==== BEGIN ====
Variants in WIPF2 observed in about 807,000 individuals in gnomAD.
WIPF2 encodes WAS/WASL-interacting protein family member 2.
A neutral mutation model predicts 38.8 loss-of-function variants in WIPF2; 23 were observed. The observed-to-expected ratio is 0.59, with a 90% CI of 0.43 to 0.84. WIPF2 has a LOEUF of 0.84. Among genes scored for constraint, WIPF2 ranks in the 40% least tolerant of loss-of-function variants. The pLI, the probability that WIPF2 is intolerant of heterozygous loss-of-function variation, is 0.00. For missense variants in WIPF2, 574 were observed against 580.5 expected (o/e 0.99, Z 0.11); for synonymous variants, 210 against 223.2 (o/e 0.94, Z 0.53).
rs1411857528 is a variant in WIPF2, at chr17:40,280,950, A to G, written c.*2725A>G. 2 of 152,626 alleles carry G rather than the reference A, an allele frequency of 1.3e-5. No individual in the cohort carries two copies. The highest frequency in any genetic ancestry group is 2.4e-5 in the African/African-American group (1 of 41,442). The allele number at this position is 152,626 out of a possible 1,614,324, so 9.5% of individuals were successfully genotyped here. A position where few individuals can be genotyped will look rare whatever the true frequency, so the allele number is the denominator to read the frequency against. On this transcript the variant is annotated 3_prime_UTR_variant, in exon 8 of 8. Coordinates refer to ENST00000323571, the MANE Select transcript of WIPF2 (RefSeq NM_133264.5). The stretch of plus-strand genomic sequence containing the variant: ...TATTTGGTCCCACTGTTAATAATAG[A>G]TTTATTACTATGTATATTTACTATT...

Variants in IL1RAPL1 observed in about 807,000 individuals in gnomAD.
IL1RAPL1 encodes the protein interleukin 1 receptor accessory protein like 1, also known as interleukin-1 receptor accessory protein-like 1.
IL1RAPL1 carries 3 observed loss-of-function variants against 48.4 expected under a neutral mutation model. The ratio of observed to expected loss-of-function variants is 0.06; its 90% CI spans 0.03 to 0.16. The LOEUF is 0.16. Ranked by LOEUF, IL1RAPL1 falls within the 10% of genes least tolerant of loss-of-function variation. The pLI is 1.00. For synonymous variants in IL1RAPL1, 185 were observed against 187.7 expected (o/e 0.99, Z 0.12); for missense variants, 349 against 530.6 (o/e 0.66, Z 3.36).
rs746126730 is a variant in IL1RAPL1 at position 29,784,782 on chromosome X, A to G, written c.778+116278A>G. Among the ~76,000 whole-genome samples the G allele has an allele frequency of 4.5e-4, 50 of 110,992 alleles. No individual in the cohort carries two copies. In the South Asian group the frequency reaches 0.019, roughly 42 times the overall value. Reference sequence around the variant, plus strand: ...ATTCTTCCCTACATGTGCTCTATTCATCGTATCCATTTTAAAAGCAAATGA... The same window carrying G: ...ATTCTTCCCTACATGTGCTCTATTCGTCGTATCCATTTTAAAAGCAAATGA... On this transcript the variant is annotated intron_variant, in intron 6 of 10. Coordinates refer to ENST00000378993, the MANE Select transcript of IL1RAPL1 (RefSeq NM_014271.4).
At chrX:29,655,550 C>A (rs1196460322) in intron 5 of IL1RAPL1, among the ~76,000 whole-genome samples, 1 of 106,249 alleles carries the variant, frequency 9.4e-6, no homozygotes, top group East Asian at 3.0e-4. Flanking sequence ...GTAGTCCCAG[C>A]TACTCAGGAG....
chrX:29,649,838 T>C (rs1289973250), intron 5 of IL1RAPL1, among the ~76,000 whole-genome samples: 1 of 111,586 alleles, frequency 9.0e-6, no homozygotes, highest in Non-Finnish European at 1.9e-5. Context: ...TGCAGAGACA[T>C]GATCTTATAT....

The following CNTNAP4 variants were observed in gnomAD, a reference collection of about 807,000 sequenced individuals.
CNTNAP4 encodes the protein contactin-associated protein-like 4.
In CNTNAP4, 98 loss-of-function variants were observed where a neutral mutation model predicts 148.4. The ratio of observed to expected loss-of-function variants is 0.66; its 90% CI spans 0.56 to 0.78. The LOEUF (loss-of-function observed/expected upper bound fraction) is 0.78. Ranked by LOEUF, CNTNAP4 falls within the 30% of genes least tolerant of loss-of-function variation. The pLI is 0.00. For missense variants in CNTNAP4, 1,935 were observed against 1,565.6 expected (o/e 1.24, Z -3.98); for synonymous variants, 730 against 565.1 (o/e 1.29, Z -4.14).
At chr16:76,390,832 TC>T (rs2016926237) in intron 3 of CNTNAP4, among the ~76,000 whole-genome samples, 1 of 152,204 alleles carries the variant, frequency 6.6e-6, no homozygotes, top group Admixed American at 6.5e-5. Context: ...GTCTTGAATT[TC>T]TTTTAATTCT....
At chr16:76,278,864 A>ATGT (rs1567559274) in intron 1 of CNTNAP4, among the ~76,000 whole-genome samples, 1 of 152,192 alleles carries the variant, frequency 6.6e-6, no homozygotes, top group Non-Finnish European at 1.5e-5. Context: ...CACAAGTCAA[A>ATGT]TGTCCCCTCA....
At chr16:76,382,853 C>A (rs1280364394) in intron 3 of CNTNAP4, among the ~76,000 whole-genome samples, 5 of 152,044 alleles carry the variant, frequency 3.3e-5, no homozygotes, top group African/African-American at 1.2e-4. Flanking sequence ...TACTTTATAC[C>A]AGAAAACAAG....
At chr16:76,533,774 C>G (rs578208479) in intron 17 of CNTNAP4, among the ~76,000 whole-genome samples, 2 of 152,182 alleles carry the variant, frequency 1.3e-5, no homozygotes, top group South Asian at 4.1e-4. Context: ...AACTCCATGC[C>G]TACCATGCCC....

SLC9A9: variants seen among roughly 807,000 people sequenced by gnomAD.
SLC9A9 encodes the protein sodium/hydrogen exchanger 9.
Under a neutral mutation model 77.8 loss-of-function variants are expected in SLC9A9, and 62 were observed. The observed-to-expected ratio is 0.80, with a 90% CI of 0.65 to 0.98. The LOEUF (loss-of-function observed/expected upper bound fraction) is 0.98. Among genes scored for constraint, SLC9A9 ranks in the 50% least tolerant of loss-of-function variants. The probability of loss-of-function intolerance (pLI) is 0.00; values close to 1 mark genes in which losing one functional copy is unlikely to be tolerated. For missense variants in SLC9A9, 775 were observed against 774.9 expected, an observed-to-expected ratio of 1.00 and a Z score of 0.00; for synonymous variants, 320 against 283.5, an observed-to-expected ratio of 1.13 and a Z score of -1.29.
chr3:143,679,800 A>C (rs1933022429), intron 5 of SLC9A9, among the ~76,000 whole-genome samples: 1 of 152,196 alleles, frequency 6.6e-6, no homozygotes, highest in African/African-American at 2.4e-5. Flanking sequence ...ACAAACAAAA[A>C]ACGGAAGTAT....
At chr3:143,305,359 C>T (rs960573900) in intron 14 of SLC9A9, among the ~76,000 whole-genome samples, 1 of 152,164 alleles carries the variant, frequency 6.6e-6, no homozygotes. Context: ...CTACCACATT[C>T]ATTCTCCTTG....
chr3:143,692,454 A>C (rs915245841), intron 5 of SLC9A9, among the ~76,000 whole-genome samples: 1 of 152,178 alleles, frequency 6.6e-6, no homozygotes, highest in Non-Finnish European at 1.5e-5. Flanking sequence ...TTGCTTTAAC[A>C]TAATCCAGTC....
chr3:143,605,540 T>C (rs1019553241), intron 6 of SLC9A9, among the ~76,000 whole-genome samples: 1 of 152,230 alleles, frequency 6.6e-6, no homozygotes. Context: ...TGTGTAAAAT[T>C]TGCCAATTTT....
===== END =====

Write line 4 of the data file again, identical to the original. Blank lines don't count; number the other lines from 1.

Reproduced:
rs1411857528 is a variant in WIPF2, at chr17:40,280,950, A to G, written c.*2725A>G. 2 of 152,626 alleles carry G rather than the reference A, an allele frequency of 1.3e-5. No individual in the cohort carries two copies. The highest frequency in any genetic ancestry group is 2.4e-5 in the African/African-American group (1 of 41,442). The allele number at this position is 152,626 out of a possible 1,614,324, so 9.5% of individuals were successfully genotyped here. A position where few individuals can be genotyped will look rare whatever the true frequency, so the allele number is the denominator to read the frequency against. On this transcript the variant is annotated 3_prime_UTR_variant, in exon 8 of 8. Coordinates refer to ENST00000323571, the MANE Select transcript of WIPF2 (RefSeq NM_133264.5). The stretch of plus-strand genomic sequence containing the variant: ...TATTTGGTCCCACTGTTAATAATAG[A>G]TTTATTACTATGTATATTTACTATT...